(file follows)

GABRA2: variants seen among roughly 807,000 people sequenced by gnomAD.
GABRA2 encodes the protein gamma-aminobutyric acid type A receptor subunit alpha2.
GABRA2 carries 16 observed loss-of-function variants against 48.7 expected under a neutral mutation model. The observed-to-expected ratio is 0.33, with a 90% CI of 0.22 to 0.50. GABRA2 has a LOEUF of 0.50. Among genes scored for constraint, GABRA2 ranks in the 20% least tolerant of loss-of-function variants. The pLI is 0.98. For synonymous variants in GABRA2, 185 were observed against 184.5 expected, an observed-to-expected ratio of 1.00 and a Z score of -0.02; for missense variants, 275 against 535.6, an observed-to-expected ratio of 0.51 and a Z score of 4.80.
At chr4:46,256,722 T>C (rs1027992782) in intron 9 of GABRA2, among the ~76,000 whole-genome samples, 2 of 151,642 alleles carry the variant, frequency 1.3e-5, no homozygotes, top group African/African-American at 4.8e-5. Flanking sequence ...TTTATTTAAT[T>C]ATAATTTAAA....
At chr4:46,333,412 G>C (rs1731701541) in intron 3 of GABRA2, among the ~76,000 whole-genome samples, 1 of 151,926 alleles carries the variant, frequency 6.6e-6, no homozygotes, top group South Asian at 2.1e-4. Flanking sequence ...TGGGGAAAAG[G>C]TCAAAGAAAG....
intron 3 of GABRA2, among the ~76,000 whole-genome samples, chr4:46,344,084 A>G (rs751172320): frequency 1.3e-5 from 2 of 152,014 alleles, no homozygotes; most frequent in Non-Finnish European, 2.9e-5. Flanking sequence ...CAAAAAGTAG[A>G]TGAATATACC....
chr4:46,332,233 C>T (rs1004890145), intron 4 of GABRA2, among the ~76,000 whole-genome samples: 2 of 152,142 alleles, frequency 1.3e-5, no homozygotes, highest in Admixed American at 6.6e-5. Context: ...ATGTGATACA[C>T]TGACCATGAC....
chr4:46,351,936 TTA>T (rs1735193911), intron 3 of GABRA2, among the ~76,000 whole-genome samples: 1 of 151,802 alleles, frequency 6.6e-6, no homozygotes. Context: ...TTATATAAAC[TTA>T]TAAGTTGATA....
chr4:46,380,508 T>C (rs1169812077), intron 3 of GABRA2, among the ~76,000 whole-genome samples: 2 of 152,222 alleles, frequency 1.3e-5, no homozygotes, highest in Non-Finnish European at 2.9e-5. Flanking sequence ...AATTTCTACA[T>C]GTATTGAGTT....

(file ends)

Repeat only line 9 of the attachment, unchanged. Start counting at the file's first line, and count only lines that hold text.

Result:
chr4:46,380,508 T>C (rs1169812077), intron 3 of GABRA2, among the ~76,000 whole-genome samples: 2 of 152,222 alleles, frequency 1.3e-5, no homozygotes, highest in Non-Finnish European at 2.9e-5. Flanking sequence ...AATTTCTACA[T>C]GTATTGAGTT....